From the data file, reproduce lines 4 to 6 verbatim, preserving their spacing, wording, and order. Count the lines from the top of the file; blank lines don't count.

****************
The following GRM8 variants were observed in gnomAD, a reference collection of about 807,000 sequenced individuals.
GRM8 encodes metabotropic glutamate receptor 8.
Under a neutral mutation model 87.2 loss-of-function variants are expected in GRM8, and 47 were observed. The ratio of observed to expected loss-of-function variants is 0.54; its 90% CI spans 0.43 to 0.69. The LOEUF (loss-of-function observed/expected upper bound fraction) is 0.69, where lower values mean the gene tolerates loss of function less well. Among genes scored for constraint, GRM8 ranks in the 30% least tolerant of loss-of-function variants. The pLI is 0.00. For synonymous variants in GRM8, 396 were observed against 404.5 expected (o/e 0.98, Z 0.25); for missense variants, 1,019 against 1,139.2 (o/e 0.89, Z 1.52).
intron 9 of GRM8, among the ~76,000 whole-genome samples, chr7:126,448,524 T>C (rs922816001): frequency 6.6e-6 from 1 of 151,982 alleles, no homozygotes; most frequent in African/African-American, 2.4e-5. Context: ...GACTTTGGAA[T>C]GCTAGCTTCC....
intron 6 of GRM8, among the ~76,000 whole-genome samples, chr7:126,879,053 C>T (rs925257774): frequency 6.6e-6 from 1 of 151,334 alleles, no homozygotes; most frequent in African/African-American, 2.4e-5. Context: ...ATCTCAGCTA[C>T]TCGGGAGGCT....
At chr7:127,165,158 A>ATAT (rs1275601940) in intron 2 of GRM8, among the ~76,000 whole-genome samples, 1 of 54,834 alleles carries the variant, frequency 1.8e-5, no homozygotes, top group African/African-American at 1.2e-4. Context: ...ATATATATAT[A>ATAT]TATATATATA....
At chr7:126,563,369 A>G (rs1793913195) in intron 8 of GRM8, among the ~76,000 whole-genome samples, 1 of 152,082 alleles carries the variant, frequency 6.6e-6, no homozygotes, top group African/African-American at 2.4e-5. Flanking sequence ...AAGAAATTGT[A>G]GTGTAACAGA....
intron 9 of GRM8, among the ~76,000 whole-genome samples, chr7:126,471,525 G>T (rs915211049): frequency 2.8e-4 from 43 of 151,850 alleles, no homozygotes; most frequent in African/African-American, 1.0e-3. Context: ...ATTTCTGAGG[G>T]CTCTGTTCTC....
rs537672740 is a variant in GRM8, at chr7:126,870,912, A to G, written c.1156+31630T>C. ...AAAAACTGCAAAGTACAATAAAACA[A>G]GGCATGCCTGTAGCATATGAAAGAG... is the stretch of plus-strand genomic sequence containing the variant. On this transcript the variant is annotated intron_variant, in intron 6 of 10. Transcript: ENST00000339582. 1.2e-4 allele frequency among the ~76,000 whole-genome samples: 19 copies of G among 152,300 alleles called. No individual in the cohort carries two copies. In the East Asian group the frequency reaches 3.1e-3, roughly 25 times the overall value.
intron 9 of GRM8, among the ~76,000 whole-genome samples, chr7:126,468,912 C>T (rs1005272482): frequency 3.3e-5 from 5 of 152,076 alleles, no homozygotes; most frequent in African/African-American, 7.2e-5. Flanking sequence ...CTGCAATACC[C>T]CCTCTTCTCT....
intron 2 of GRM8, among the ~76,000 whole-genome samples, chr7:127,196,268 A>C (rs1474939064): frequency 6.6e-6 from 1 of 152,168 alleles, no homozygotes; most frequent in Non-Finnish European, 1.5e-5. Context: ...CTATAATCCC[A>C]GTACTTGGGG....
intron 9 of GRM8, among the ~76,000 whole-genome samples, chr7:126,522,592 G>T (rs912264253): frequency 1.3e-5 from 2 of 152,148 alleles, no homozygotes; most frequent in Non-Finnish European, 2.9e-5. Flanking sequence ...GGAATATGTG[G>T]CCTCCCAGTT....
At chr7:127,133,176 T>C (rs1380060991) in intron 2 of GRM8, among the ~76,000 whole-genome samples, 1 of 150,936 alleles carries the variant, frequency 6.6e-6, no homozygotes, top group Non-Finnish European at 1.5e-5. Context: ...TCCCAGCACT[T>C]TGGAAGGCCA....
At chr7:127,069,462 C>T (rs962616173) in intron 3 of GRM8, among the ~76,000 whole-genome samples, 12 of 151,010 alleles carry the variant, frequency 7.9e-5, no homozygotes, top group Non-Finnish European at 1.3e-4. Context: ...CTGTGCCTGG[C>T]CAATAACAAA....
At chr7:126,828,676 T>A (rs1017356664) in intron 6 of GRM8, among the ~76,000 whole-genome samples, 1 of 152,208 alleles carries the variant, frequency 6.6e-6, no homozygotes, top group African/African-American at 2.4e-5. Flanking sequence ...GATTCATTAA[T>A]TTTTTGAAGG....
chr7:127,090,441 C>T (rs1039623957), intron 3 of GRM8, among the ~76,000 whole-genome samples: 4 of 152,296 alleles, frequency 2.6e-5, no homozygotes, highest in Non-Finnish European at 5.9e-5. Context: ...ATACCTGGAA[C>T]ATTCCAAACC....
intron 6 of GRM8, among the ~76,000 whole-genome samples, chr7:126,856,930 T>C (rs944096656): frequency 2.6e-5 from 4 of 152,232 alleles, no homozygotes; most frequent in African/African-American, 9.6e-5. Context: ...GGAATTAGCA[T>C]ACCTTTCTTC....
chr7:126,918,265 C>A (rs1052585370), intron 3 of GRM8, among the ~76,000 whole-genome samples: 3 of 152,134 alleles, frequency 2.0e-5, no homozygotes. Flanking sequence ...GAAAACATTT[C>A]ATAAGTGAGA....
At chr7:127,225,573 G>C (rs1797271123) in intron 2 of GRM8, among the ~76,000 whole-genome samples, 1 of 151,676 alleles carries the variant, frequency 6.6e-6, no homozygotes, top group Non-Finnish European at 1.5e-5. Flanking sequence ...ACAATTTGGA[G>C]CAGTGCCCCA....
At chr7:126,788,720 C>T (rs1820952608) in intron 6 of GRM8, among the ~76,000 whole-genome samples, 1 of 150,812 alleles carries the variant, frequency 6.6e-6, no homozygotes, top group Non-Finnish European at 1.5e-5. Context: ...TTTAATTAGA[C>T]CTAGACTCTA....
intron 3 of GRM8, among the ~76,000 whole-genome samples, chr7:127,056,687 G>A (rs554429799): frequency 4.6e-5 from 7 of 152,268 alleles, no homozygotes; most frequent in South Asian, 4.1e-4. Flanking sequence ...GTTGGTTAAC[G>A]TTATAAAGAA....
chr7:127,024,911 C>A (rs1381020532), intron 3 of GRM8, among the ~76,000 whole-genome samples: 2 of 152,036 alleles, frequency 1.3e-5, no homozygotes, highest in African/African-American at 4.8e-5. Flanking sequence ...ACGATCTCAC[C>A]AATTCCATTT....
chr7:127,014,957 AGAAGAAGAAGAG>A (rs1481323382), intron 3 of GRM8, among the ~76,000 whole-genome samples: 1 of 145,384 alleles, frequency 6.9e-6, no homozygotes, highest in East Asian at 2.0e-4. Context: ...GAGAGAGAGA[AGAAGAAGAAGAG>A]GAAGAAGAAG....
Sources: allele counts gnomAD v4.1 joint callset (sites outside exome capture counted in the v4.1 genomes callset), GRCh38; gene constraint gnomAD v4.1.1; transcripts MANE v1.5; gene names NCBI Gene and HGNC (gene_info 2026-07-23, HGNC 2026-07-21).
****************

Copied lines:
intron 9 of GRM8, among the ~76,000 whole-genome samples, chr7:126,448,524 T>C (rs922816001): frequency 6.6e-6 from 1 of 151,982 alleles, no homozygotes; most frequent in African/African-American, 2.4e-5. Context: ...GACTTTGGAA[T>C]GCTAGCTTCC....
intron 6 of GRM8, among the ~76,000 whole-genome samples, chr7:126,879,053 C>T (rs925257774): frequency 6.6e-6 from 1 of 151,334 alleles, no homozygotes; most frequent in African/African-American, 2.4e-5. Context: ...ATCTCAGCTA[C>T]TCGGGAGGCT....
At chr7:127,165,158 A>ATAT (rs1275601940) in intron 2 of GRM8, among the ~76,000 whole-genome samples, 1 of 54,834 alleles carries the variant, frequency 1.8e-5, no homozygotes, top group African/African-American at 1.2e-4. Context: ...ATATATATAT[A>ATAT]TATATATATA....